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telegrapher's equations

(two equations describing a transmission line)

The telegrapher's equations are a pair of partial differential equations describing the electrical characteristics of an electrical transmission line, taking into account electrical resistance and inductance along the conductor(s) and resistance and capacitance between them, or between the conductor and ground. They refer to alternating current: for direct current, with no variation over time, each effectively simplifies to the transmission line's derivative of Ohm's law (V=IR). Naturally, they are derivable from Maxwell's equations. The equations:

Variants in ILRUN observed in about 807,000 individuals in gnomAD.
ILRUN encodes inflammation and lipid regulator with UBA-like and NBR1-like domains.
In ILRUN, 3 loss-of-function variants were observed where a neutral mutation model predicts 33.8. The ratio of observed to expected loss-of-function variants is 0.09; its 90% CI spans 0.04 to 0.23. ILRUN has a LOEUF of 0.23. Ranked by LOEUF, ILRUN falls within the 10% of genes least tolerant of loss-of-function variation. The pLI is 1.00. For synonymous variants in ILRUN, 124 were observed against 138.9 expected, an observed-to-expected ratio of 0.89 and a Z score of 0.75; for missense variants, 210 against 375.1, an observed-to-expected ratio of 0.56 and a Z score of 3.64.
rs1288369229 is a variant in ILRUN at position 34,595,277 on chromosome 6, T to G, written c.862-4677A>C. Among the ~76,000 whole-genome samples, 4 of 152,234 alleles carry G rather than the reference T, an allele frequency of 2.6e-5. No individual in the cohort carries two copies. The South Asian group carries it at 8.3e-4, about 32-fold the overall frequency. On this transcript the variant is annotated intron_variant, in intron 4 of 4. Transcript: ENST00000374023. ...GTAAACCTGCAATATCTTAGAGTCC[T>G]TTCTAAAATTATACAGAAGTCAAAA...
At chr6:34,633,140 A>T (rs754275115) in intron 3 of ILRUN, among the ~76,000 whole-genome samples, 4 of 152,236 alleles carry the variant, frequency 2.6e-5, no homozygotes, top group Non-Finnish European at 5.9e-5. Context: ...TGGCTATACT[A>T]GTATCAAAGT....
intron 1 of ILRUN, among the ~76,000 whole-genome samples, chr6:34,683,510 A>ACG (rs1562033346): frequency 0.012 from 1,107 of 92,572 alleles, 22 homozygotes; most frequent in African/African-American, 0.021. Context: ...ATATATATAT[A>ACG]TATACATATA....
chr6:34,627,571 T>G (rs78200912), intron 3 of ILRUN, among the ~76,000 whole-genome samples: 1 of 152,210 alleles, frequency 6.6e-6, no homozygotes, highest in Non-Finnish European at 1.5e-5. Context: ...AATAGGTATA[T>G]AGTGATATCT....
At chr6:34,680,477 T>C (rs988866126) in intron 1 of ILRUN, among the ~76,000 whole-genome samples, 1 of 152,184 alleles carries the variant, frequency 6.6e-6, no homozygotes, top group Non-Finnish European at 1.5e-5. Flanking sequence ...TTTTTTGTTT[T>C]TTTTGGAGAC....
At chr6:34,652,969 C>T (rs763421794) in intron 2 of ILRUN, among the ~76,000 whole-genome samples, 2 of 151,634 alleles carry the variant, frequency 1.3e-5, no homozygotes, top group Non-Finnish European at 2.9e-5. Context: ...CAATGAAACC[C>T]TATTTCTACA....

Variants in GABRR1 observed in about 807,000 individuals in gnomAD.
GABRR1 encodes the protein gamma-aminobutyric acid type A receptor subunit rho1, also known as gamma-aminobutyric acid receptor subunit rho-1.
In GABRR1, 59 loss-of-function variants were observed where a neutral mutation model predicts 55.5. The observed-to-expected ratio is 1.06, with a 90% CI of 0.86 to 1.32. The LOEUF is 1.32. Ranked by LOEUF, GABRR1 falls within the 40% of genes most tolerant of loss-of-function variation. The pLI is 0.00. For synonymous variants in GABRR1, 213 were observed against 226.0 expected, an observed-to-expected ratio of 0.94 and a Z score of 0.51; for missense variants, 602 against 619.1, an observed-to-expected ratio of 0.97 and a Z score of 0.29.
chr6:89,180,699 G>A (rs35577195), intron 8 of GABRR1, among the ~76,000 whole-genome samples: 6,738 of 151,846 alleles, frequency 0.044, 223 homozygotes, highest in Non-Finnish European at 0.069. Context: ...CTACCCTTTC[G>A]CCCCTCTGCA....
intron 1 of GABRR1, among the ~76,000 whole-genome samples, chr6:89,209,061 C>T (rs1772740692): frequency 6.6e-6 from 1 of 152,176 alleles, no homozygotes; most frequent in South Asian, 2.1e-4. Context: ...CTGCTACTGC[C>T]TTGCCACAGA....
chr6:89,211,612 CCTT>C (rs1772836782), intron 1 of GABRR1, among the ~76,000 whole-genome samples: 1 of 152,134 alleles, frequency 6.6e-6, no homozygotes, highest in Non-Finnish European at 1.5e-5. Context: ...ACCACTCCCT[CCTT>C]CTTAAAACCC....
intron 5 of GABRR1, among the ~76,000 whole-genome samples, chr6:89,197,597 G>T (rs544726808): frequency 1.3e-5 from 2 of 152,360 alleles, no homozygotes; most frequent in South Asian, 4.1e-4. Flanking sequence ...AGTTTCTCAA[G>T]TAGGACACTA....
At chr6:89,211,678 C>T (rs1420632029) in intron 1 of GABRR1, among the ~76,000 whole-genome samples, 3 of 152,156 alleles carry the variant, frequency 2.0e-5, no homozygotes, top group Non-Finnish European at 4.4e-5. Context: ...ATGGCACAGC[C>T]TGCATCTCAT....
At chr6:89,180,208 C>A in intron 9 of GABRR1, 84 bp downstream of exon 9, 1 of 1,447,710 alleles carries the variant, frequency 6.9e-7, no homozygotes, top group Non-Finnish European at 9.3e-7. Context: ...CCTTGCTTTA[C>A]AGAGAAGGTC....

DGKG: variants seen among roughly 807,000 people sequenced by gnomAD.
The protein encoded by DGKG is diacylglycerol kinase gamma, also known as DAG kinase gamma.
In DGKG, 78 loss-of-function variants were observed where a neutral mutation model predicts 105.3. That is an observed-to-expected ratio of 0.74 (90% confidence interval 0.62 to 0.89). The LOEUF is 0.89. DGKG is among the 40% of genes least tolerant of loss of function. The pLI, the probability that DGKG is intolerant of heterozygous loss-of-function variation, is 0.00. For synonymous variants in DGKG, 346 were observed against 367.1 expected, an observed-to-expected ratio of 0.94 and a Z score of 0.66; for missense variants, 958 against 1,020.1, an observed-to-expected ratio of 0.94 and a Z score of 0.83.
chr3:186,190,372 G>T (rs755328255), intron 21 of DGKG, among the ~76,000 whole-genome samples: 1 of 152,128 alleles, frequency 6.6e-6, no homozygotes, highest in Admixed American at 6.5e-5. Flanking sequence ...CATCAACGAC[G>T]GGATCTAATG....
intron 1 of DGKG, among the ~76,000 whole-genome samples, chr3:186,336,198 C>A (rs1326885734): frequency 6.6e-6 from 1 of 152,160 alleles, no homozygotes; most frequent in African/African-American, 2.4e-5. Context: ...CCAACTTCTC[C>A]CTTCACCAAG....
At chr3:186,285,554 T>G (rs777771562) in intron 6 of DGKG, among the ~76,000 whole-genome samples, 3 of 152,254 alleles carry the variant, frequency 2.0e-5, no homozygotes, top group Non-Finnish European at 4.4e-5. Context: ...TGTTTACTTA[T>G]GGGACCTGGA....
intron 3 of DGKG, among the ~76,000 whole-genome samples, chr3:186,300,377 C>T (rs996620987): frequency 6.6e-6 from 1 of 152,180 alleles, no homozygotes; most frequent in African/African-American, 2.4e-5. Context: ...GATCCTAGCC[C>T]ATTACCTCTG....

∂V      ∂I
—— = -L —— - RI
∂x      ∂t

∂I      ∂V
—— = -C —— - GI
∂x      ∂t

L, R, C, and G are "per distance", e.g., "so much per meter of transmission cable", and they each depend upon the characteristics of the transmission line and to the AC frequency being propagated.

The telegraphers equations can be used for phenomena analogous to electrical transmission cables, including some astrophysical jets.

Further reading: